So we say to ourselves, ever since the founding of this country, you know what, there are some things we do better together. That’s how we funded the GI Bill. That’s how we created the middle class. That’s how we built the Golden Gate Bridge or the Hoover Dam. That’s how we invented the Internet. That’s how we sent a man to the moon. We rise or fall together as one nation and as one people, and that’s the reason I’m running for President — because I still believe in that idea. You’re not on your own, we’re in this together.
I can proudly say that I didn’t build it (CWS). I stepped into an amazing platform and was able to apply my talents towards helping it grow and making it stronger with some extraordinary partners and co-workers. Growing our investor base could not have happened without us meeting or exceeding investor expectations by us purchasing properties at compelling prices, financing them optimally, managing them to add value, and redeploying the capital into other opportunities on a tax efficient basis via 1031 exchanges. And when times did get tough we had a strong enough relationship with our investors to enable us to manage through the challenges so that we never had to be forced sellers and we could have the staying power to capitalize on the ensuing recovery. To bring this about has taken an incredibly talented team and deep organization with a vast array of skill sets capable of delivering competitive, risk-adjusted returns that have met or exceeded our investors’ expectations. Their positive experience transformed what was initially a degree of confidence to invest with us the first time into a powerful bond of trust that has resulted in them in not only keeping their initial investment with us but adding new capital and feeling secure enough to refer friends and family. I didn’t build that (CWS).
I only know what I know and how I am wired. I’m not a natural entrepreneur but I can make a good partner with those who are. I am best positioned for success within a platform for business and my family. I need partners and a platform. By knowing myself I knew that I didn’t have much to offer to the person who wanted to speak with me because my journey is just that, my journey, and it has little to offer to someone who has different talents and inclinations and set of initial conditions. And most importantly, one lacking an incredible platform like CWS.
There is one piece of wisdom that I would have conveyed to him, however. And not surprisingly it’s from Bob Dylan (“I didn’t write that!”). He was interviewed in Rolling Stone in 2012 and two answers he gave were not only incredibly profound but extraordinarily applicable to someone who wants to build something for the long-term.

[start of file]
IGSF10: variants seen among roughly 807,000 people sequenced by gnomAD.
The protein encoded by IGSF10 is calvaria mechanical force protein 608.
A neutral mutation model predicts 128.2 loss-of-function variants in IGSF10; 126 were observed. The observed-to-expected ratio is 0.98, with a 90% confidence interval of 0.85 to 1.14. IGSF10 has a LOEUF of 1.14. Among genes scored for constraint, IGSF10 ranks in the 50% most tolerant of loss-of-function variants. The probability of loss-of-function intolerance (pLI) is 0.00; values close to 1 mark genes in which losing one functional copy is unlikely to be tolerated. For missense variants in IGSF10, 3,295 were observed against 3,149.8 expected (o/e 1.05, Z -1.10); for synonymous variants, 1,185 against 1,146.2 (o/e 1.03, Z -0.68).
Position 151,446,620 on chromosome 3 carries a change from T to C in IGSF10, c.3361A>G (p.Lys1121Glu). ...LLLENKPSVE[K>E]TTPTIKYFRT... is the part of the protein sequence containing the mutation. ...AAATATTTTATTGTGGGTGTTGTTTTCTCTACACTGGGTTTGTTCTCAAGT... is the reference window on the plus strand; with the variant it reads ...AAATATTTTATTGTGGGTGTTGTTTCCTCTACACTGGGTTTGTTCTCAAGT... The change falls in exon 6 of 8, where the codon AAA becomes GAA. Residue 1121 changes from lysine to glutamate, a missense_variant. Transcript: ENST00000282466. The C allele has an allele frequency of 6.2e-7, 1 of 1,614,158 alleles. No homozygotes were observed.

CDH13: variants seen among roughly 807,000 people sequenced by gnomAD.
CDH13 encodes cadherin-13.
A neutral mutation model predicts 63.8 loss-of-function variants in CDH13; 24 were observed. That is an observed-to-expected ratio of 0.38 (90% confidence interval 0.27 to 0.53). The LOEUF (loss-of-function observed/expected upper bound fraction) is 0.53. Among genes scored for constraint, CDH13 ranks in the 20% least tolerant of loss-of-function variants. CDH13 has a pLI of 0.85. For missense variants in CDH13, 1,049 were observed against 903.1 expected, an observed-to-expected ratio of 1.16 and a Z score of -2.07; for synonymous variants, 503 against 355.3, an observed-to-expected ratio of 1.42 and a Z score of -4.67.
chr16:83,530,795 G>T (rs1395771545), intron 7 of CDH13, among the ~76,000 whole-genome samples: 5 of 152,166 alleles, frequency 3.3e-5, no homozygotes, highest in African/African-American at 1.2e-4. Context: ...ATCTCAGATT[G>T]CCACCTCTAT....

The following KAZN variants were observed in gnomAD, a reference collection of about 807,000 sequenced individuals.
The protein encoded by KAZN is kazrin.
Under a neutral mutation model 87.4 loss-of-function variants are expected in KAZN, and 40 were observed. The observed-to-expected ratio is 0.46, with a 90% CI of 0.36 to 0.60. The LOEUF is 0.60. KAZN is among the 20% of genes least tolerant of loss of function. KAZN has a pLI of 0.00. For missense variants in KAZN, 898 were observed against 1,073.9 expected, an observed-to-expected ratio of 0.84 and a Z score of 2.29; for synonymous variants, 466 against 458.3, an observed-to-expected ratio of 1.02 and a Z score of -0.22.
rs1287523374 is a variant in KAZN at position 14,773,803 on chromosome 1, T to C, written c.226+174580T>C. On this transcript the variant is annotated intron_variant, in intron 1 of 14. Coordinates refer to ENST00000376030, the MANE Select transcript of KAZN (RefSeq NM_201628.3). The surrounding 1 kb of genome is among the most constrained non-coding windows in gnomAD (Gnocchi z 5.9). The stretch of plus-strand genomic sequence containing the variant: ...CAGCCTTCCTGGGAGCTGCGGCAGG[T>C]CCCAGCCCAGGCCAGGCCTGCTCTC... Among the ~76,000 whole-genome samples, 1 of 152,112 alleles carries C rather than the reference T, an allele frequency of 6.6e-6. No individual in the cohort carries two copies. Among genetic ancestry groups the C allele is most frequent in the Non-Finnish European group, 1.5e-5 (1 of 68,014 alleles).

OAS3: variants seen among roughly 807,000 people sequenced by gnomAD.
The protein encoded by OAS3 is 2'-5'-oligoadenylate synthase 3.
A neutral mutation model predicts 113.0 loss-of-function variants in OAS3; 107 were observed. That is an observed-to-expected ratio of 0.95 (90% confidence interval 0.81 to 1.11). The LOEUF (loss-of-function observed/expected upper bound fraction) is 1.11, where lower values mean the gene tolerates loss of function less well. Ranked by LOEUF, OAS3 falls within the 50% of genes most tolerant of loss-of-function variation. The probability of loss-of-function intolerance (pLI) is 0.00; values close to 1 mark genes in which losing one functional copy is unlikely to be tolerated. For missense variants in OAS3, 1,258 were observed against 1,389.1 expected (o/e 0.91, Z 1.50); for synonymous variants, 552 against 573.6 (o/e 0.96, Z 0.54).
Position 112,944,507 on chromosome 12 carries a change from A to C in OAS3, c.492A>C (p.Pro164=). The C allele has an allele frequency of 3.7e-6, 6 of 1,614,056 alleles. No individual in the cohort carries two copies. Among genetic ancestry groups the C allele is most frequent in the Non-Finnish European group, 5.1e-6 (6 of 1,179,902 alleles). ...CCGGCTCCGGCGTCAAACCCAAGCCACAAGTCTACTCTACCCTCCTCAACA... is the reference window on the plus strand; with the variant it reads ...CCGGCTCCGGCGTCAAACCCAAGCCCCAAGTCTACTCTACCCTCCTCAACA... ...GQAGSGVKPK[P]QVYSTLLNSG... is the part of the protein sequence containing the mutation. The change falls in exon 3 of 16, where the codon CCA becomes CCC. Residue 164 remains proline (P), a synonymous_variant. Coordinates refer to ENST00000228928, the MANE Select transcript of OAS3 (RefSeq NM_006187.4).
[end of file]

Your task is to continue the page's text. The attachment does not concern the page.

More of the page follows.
You’ve described what you do not do as a career but as a calling.
Everybody has a calling, don’t they? Some have a high calling, some have a low calling. Everybody is called but few are chosen. There’s a lot of distraction for people, so you might never find the real you. A lot of people don’t.
How would you describe your calling?
Mine? Not any different than anybody else’s. Some people are called to be a good sailor. Some people have a calling to be a good tiller of the land. Some people are called to be a good friend. You have to be the best at whatever you are called at. Whatever you do. You ought to be the best at it – highly skilled. It’s about confidence, not arrogance. You have to know that you’re the best whether anybody else tells you that or not. And that you’ll be around, in one way or another, longer than anybody else. Somewhere inside of you, you have to believe that.
So find your calling and if you’re one of the lucky few you will be chosen. If not, then just try to be very good at whatever you do and, in the words of Sam Walton, “get after it and stay after it.” If you want people to invest with you then they have to believe you will be relentless in your pursuit of success and excellence, you have confidence in yourself without being arrogant, and you will be in it for the long run and you won’t let challenges derail you.
Now that I have confessed my guilt perhaps I should send him a message on LinkedIn thanking him for inspiring this blog post and sending him a link since without his message I may not have been inspired to think more deeply about the power of the CWS platform and how I didn’t build it.
Over to You:
How would you describe your calling?